Summary: This message focuses on how our first response to situations will often prove or disprove our confessions of walking in faith.
Scriptures: Eph. 6:12; Prov. 3:5-6; Acts 2:14-16; Gal. 2:11-14
Last week I woke up to find that our heater for our home was broken. Later that day I was told by my daughter (who was actually vacuuming) that the vacuum cleaner was broken. The first words that came out of why mouth without any hesitation was “Why is everything breaking…” and then I caught myself. You see, my first response upon hearing about the vacuum being broken was to go to that place that says “When it rains it pours!” However, I caught myself and told my daughter that I was not going to speak those words into existence. Instead I said “by faith I proclaim that everything will be taken care of!” In that minute my mind shifted from “Woe is me” to “God will fix it.” My thinking was transformed from another bill has been created to I am blessed that the funds will be there when needed because God is taking care of it. By the way, Nikki had made sure that we had a warranty so the heater did not end costing us anything.
If you have been down to the basement you know that part of the ceiling caved in because of the air/heating ductwork detached from the ceiling. My first response was “Anger at how it could happen; what would the cost be; and would this delay our plans to pay off this building.” God refocused my mind on the understanding that it could have been a lot worse had it came down while people were there. He took my mind to this is a learning opportunity for us and that although this happened He had been looking out for us. The ceiling came down on Monday morning but it could have come down the day before while we were all down there celebrating Mr. Ernest birthday. So thinking along these lines I found it easy to give God praise for what did not happen versus focusing and lamenting on what did happen.
The reason I am sharing this with you is because I want to put myself in the “hot seat.” I know that I walk by faith, but I am as guilty as anyone else of allowing my “first response” to demonstrate areas where I am okay walking in faith and in areas where I might need reminders that I am “supposed” to be walking in faith. With my heater and the ceiling coming down in the basement, I had to be “reminded. In both situations my first response was not seeing God taking care of it or how God had prevented something worse from happening; it was to look at what would be the results of what did happen. Although my mind eventually came to where it needed to be, I would have expected “me” by now to have that response be my “initial” response versus my “delayed” response. I want to make sure you know in this message and any message that follows that I am not a completed work and I am still pressing towards the mark and the finish line.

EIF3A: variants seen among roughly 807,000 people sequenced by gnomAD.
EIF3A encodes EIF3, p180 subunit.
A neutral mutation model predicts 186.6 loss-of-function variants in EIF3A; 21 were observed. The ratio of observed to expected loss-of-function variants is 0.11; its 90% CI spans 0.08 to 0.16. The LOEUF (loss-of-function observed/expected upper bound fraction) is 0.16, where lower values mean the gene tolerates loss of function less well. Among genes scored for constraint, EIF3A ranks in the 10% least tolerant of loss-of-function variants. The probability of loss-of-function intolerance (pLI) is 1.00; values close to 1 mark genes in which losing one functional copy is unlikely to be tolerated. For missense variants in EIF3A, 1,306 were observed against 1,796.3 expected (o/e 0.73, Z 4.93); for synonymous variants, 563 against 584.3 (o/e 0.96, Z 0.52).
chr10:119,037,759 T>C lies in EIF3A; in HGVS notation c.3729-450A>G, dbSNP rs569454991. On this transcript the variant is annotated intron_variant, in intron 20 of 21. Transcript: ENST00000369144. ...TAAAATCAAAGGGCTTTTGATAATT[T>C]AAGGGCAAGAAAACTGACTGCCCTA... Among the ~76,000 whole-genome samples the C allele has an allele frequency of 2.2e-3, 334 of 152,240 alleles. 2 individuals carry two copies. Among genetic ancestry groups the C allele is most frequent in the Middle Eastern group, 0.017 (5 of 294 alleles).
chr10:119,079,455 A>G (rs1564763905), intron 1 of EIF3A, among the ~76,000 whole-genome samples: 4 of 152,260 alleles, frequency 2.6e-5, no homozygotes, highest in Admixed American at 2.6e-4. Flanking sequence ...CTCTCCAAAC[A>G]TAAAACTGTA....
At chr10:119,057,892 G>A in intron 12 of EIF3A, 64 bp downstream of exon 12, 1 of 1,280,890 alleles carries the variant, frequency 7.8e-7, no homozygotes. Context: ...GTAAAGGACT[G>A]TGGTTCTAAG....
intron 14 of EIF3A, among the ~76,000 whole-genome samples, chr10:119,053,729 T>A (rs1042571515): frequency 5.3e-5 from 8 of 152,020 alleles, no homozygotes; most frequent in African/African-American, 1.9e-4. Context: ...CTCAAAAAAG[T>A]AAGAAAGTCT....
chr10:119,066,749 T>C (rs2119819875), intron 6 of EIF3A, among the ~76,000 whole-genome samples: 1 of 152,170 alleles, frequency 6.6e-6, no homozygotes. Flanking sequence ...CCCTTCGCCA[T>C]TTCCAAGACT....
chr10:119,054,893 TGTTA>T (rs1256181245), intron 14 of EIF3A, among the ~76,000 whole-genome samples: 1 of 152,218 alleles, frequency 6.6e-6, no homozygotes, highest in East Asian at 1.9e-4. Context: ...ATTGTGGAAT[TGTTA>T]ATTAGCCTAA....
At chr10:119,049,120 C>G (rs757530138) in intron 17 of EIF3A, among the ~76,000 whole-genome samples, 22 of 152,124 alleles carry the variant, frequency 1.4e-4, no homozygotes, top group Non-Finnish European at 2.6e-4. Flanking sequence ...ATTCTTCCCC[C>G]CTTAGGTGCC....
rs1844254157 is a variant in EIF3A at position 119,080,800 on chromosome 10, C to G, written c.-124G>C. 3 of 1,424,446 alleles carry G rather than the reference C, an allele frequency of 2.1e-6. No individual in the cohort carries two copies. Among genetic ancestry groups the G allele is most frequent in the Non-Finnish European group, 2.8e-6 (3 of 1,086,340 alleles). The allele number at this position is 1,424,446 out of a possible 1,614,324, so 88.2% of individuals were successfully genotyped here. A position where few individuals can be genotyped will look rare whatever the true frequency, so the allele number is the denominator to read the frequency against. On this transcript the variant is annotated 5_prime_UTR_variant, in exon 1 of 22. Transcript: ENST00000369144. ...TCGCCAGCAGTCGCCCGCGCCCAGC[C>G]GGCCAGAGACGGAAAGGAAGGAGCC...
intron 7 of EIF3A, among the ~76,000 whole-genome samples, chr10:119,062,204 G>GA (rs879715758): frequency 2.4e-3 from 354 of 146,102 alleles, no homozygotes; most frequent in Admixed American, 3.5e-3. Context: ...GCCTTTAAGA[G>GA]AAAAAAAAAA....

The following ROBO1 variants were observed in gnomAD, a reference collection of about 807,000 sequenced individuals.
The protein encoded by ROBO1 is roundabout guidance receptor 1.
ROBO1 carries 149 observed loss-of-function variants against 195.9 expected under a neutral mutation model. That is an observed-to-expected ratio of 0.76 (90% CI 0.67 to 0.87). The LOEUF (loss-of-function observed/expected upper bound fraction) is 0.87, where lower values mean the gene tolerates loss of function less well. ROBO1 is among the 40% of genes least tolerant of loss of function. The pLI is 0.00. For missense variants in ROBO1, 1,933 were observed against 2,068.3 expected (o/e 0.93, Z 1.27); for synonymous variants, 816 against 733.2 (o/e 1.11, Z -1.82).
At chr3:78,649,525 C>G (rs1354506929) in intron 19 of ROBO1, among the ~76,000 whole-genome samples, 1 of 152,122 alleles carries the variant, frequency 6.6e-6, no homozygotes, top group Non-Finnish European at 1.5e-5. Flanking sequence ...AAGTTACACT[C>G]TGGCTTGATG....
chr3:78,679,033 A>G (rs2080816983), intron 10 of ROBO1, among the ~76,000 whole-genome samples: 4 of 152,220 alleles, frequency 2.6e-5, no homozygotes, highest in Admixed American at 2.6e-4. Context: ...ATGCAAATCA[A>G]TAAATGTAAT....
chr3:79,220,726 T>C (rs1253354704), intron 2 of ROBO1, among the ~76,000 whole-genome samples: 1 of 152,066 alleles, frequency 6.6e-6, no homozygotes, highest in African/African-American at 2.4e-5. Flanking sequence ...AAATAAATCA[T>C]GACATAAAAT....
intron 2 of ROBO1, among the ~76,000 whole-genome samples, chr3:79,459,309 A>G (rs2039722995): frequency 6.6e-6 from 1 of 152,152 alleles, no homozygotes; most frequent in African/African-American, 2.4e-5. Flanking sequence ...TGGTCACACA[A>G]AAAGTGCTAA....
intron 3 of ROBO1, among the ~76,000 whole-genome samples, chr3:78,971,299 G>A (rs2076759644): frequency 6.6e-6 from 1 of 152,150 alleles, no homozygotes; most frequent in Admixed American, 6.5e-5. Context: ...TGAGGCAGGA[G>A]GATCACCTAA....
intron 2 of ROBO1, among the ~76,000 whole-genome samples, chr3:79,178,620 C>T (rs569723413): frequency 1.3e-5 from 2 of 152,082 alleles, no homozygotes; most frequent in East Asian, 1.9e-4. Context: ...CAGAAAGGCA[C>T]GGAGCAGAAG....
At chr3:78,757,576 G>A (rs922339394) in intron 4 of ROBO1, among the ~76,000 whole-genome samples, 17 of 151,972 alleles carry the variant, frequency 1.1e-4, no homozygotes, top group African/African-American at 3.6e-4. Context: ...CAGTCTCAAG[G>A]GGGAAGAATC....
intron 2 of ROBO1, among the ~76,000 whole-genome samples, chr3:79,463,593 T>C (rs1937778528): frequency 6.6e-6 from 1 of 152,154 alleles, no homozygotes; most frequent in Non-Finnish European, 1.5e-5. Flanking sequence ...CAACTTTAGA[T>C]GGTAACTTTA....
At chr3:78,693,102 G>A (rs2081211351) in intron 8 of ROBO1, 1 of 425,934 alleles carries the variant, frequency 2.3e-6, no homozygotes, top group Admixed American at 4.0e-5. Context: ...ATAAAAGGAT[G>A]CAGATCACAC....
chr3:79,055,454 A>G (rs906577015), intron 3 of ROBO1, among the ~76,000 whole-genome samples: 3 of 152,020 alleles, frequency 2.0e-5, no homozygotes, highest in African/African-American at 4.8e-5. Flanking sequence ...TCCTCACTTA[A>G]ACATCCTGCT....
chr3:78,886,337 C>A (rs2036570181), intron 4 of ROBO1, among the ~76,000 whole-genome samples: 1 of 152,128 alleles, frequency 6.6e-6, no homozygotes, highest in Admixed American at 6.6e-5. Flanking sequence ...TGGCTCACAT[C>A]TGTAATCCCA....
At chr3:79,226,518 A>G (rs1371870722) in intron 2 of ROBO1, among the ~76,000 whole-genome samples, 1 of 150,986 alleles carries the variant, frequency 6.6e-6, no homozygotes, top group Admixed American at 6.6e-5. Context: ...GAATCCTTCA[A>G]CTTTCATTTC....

The title of my message this morning is “First Response” and if I am not able to get it all in this message, I will carry this over to the first Sunday in February as next Sunday is youth Sunday. The first response is that initial response you have to a situation; it is that response that can be described as a “knee jerk reaction.” By definition a knee jerk reaction is “an immediate unthinking emotional reaction produced by an event or statement to which the reacting person is highly sensitive; - in persons with strong feelings on a topic, it may be very predictable.” The key phrase in this definition is “unthinking emotional reaction.” This reaction is an initial, immediate reaction that comes without first thinking about how you will respond - you respond before you even think about it or may even be aware that you are responding. This is especially true if the person has very strong feelings about a particular topic. When the situation arises, the reaction is immediate. Keep this in mind as I shift for a just moment to the term “first responder.”
In an emergency situation, the first responder by definition is that person who arrives on the scene who has been trained or certified to provide medical care in an emergency until more highly trained individuals arrive. The official term is not describing the first person on the scene, but the first person who arrives who has been trained to provide immediate medical care. This could be a policeman, EMT, fireman, etc. These individuals are trained so that when they arrive on the scene of an emergency, they quickly assess the emergency; provide immediate care to stabilize the patient until others arrive. In order for them to accomplish this task, they have to be able to separate what is important from what is not important. They must triage the situation to determine what (and who) needs immediate attention and what can be handled later. In some cases these can be life or death decisions. Let me illustrate this situation to you.